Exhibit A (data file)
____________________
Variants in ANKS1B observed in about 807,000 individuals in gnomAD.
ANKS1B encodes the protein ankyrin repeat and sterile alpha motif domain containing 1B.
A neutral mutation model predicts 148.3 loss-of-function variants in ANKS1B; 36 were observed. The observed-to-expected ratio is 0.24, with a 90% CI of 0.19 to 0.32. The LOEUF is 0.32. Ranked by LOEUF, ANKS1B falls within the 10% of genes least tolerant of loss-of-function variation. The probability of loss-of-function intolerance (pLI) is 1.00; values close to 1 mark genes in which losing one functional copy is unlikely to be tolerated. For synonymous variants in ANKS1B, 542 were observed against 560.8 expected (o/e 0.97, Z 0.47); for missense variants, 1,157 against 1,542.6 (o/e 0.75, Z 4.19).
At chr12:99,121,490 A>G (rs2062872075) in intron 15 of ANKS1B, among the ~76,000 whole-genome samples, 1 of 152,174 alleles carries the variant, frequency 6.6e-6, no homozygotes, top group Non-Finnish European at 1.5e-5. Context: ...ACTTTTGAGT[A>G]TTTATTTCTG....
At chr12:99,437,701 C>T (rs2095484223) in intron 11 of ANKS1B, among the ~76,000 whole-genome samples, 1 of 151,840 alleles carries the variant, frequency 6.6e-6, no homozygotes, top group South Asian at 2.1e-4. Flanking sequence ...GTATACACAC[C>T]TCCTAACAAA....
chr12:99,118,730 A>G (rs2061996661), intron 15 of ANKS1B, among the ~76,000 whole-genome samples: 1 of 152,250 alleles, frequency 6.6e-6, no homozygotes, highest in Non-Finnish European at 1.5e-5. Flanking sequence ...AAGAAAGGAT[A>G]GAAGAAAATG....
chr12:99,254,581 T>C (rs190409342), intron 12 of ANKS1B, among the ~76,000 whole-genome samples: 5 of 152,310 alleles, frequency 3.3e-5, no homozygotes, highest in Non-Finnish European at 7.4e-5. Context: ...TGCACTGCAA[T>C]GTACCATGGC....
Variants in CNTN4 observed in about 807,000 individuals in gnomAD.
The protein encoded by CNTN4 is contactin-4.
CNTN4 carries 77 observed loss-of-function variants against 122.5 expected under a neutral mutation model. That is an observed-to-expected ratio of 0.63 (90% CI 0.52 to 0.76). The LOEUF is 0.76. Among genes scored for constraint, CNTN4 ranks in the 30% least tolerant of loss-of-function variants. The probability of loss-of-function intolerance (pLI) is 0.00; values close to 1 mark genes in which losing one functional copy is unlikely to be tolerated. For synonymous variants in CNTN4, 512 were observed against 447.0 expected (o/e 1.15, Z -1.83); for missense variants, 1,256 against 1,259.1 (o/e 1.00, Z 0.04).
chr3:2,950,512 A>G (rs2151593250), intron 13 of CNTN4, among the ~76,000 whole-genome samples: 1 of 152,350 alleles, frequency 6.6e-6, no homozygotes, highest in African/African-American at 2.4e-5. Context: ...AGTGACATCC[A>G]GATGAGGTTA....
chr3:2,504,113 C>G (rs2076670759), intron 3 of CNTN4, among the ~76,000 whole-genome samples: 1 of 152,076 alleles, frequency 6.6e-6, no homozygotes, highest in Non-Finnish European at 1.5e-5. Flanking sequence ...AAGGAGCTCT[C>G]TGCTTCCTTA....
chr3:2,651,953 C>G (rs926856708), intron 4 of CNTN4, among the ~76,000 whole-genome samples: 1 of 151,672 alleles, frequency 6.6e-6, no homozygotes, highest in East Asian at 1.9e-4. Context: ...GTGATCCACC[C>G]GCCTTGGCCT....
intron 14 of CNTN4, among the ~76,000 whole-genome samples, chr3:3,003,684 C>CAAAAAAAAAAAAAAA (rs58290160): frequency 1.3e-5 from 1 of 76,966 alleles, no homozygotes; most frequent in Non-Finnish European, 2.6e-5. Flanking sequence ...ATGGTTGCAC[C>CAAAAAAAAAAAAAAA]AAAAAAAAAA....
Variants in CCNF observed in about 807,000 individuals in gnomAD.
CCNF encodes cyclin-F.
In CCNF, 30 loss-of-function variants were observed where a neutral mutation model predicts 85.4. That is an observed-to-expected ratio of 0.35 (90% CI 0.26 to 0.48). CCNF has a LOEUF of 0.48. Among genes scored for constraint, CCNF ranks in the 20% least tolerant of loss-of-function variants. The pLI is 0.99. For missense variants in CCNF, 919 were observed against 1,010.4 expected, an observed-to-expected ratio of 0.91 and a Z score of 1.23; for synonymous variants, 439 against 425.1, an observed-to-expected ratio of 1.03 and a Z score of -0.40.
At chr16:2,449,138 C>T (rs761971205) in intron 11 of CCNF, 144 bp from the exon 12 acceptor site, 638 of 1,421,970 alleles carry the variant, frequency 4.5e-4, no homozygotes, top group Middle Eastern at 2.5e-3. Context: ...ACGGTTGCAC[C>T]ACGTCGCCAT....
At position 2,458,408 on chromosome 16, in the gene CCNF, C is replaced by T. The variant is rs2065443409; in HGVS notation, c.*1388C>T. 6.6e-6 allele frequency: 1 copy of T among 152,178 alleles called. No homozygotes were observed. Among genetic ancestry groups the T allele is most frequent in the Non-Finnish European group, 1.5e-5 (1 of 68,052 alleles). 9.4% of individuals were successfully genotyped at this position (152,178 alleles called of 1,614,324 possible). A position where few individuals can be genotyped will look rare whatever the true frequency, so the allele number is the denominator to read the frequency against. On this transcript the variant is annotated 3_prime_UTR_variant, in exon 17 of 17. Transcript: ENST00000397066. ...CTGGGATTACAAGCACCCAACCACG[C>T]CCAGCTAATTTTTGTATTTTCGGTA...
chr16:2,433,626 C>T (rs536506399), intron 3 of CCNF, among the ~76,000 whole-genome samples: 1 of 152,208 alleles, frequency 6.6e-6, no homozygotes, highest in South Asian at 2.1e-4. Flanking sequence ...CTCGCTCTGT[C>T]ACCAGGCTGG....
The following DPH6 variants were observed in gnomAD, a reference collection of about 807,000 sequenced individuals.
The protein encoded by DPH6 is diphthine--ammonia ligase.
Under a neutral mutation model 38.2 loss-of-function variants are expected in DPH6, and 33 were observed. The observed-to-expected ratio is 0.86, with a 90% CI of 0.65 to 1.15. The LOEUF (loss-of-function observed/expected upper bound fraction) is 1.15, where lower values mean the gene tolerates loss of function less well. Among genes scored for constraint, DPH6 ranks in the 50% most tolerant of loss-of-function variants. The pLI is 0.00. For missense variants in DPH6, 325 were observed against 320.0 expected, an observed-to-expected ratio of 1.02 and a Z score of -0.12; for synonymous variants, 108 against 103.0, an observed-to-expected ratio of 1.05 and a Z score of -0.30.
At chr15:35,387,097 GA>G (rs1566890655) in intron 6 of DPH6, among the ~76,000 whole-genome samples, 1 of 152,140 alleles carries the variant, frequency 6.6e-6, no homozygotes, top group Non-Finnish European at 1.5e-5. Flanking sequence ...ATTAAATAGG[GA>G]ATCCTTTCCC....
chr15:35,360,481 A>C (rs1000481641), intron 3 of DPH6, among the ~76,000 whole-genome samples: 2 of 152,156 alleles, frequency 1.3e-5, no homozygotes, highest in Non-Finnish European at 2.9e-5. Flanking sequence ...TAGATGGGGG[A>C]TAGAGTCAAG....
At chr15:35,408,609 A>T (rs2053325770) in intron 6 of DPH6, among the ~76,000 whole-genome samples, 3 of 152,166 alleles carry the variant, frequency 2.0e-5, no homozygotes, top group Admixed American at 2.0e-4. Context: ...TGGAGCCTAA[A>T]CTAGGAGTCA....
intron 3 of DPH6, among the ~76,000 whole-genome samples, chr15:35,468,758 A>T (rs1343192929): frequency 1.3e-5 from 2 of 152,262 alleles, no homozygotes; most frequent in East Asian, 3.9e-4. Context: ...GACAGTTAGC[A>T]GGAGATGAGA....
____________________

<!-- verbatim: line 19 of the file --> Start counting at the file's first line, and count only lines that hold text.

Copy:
At position 2,458,408 on chromosome 16, in the gene CCNF, C is replaced by T. The variant is rs2065443409; in HGVS notation, c.*1388C>T. 6.6e-6 allele frequency: 1 copy of T among 152,178 alleles called. No homozygotes were observed. Among genetic ancestry groups the T allele is most frequent in the Non-Finnish European group, 1.5e-5 (1 of 68,052 alleles). 9.4% of individuals were successfully genotyped at this position (152,178 alleles called of 1,614,324 possible). A position where few individuals can be genotyped will look rare whatever the true frequency, so the allele number is the denominator to read the frequency against. On this transcript the variant is annotated 3_prime_UTR_variant, in exon 17 of 17. Transcript: ENST00000397066. ...CTGGGATTACAAGCACCCAACCACG[C>T]CCAGCTAATTTTTGTATTTTCGGTA...